Seagate today announced that its scientists have broken new ground in the field of magnetic data storage by demonstrating areal densities of over 100 gigabits per square inch (Gb/in2) using perpendicular recording technology. This “vertical” move has also enabled record performance data rates of up to 125 MB per second. As the areal density growth rate of current longitudinal recording begins to slow, perpendicular recording appears best-positioned to keep pace with the world’s growing data storage needs, with the potential for far higher density levels over time than what could otherwise be achieved.
“Perpendicular recording is projected to achieve areal densities as high as one terabit per square inch (Tb/in2), roughly 20 times the density of today’s state-of-the-art disc drive products,” said Dr. Mark Kryder, Seagate senior vice president of Research. “This is equivalent to storing over one full terabyte (1000 gigabytes) of information or nearly 500 DVD movies on a single 3-inch disc.”
Perpendicular recording arranges the magnetic bits vertically on end on the surface of the disc, enabling the head to record and read more information per unit area. Perpendicular recording breaks new ground because today’s disc drives use traditional longitudinal recording that arranges the bits horizontally on the disc and therefore also require more surface area to store information.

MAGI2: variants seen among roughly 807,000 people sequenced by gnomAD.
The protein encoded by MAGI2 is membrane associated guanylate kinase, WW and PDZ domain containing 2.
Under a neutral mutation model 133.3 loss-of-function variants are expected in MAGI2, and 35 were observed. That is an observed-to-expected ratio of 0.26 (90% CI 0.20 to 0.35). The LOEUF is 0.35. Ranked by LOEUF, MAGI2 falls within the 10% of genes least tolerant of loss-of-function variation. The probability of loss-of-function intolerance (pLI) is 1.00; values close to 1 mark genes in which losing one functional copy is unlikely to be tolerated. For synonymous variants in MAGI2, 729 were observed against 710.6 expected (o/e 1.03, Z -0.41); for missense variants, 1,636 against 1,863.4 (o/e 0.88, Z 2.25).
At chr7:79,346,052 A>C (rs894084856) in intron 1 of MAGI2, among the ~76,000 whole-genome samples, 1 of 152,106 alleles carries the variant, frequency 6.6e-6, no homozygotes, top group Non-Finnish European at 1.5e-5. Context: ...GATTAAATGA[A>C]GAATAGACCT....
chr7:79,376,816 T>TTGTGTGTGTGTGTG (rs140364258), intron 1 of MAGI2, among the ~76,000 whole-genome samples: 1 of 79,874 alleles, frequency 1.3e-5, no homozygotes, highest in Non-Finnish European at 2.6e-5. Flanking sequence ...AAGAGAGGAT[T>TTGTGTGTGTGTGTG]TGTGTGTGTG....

“These demonstrations are evidence of the increasing maturity of the technology, which we intend to utilize in Seagate products in the future,” said Mike Covault, vice president of Seagate’s Advanced Technology Integration Team. “The shift to perpendicular recording highlights a technology roadmap for magnetic recording to continue to address the needs of an increasingly data-intensive, digital world.”
Using industry-standard test procedures, Seagate has achieved a recording density in Perpendicular Recording of 100 Gbits per sq. inch, at 700 kbpi by 143 ktpi and over 330 Mbits per second. This is the highest areal density reported to date for Perpendicular Recording systems and represents a significant advance in the state of the art over the previous record of 60 Gbpsi.
The demonstrations were conducted by Seagate’s Head Technology Development group and Advanced Concepts Lab in Minnesota, using heads manufactured there and in Seagate’s Northern Ireland recording head plant.
Both achievements continue the rapid increase in performance and capacity for perpendicular recording systems over the past 12 months and position Seagate as the leader in this technology. Perpendicular recording will ensure that continued progress in disc drive capacity and performance will be made well into the future.
Seagate anticipates implementing perpendicular recording within its products perhaps as early as calendar year 2004.